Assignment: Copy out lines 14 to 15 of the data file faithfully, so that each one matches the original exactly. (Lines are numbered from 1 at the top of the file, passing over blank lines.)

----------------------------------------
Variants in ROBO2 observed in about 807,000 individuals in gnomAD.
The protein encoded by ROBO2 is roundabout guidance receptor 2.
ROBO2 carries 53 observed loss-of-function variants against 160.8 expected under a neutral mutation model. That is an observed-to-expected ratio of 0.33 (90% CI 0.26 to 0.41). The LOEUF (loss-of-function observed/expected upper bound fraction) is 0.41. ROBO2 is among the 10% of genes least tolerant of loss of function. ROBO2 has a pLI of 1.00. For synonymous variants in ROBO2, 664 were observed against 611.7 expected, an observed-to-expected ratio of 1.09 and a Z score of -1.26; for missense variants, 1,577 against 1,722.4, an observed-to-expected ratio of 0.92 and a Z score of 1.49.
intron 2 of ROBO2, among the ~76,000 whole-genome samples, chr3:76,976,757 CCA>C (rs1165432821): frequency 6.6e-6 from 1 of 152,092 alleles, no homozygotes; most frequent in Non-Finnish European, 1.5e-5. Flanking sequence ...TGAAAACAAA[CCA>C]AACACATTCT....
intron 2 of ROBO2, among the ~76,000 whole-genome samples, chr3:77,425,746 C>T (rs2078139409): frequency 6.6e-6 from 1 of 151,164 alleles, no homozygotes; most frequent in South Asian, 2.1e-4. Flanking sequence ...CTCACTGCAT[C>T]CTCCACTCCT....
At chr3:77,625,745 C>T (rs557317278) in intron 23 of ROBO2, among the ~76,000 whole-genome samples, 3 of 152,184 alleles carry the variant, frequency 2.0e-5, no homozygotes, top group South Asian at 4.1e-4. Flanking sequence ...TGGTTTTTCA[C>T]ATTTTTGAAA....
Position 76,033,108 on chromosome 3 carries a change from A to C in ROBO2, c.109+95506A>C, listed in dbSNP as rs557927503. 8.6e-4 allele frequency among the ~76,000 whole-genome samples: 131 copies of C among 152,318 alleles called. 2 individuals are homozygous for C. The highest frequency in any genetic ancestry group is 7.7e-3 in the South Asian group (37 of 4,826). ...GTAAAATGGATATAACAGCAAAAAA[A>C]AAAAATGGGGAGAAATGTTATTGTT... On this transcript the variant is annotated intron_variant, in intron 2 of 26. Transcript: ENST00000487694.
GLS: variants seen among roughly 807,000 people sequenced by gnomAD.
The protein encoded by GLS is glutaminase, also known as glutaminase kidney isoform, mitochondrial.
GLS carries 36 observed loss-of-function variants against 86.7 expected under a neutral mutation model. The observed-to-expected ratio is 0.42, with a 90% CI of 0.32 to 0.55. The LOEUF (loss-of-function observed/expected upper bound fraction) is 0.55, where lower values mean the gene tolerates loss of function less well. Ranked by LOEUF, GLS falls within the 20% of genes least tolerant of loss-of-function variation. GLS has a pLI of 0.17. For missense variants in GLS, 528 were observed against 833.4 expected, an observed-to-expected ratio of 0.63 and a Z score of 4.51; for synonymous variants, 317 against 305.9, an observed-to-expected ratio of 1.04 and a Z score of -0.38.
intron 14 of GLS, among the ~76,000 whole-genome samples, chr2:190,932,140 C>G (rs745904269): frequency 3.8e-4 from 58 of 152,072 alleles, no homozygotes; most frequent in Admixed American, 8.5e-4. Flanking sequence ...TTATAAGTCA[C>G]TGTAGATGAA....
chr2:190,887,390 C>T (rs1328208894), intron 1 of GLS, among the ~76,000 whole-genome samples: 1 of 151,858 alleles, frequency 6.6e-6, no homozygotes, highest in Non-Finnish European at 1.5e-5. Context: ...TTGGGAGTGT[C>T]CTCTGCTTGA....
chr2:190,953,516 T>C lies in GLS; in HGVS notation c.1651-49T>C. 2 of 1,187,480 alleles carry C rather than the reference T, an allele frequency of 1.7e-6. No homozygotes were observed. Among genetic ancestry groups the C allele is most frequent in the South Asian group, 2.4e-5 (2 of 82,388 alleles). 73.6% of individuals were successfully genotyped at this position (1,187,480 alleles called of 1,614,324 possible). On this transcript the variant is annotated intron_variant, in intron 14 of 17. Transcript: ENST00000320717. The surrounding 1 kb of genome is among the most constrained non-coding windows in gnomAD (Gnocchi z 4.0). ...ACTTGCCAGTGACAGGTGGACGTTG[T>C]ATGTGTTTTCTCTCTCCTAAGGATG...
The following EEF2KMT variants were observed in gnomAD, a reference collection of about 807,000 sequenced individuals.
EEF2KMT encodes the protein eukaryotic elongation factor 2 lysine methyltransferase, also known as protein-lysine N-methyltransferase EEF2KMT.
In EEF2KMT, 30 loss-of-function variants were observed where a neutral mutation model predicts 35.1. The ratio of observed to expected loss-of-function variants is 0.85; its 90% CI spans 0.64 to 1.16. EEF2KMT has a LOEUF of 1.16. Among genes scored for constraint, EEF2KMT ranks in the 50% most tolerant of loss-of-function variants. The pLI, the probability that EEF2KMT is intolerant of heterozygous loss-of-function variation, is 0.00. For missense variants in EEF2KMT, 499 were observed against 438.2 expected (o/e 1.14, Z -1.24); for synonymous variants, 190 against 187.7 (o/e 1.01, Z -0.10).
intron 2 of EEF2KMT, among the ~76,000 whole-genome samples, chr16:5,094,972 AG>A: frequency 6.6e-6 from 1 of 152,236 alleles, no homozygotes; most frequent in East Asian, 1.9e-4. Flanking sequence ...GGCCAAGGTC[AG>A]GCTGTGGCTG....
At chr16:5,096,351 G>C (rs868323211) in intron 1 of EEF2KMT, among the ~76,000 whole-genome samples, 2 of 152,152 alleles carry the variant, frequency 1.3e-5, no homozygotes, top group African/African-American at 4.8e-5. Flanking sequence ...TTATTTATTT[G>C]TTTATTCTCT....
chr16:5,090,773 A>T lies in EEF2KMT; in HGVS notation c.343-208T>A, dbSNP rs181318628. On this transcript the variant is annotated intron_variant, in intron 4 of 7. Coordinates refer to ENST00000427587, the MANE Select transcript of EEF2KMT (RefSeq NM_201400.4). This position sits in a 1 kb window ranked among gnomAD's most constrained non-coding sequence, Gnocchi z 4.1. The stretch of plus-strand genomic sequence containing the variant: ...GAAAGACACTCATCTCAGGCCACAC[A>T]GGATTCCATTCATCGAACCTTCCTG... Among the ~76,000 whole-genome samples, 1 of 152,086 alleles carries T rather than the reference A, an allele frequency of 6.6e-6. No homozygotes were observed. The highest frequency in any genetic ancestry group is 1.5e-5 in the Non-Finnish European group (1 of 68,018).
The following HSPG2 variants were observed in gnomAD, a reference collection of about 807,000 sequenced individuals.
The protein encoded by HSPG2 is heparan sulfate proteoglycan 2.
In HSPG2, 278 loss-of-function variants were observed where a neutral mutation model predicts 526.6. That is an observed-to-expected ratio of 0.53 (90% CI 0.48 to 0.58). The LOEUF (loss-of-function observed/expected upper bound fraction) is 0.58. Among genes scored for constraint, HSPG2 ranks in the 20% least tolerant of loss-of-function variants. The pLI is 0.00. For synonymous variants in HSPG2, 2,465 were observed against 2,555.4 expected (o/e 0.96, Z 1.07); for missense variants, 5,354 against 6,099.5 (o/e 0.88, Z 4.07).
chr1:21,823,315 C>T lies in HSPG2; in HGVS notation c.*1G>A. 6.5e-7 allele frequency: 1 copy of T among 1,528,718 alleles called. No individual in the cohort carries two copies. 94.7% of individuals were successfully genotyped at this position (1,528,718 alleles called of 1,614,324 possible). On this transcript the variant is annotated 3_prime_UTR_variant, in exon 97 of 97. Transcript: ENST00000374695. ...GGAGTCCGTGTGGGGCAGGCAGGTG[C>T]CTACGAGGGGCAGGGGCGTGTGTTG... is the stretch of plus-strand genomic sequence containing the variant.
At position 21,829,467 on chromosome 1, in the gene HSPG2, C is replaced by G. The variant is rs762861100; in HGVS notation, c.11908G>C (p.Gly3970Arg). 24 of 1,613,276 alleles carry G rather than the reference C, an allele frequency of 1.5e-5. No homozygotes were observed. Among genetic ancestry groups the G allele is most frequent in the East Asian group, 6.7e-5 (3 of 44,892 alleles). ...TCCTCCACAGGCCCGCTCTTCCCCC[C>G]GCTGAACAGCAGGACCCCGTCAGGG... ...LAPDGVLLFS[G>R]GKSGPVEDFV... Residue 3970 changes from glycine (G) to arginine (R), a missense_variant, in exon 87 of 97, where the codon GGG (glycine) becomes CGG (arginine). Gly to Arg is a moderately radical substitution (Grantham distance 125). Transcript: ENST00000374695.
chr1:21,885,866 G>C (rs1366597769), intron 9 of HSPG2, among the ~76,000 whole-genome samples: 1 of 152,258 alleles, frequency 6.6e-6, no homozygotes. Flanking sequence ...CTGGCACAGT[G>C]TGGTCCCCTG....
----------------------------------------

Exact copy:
The following EEF2KMT variants were observed in gnomAD, a reference collection of about 807,000 sequenced individuals.
EEF2KMT encodes the protein eukaryotic elongation factor 2 lysine methyltransferase, also known as protein-lysine N-methyltransferase EEF2KMT.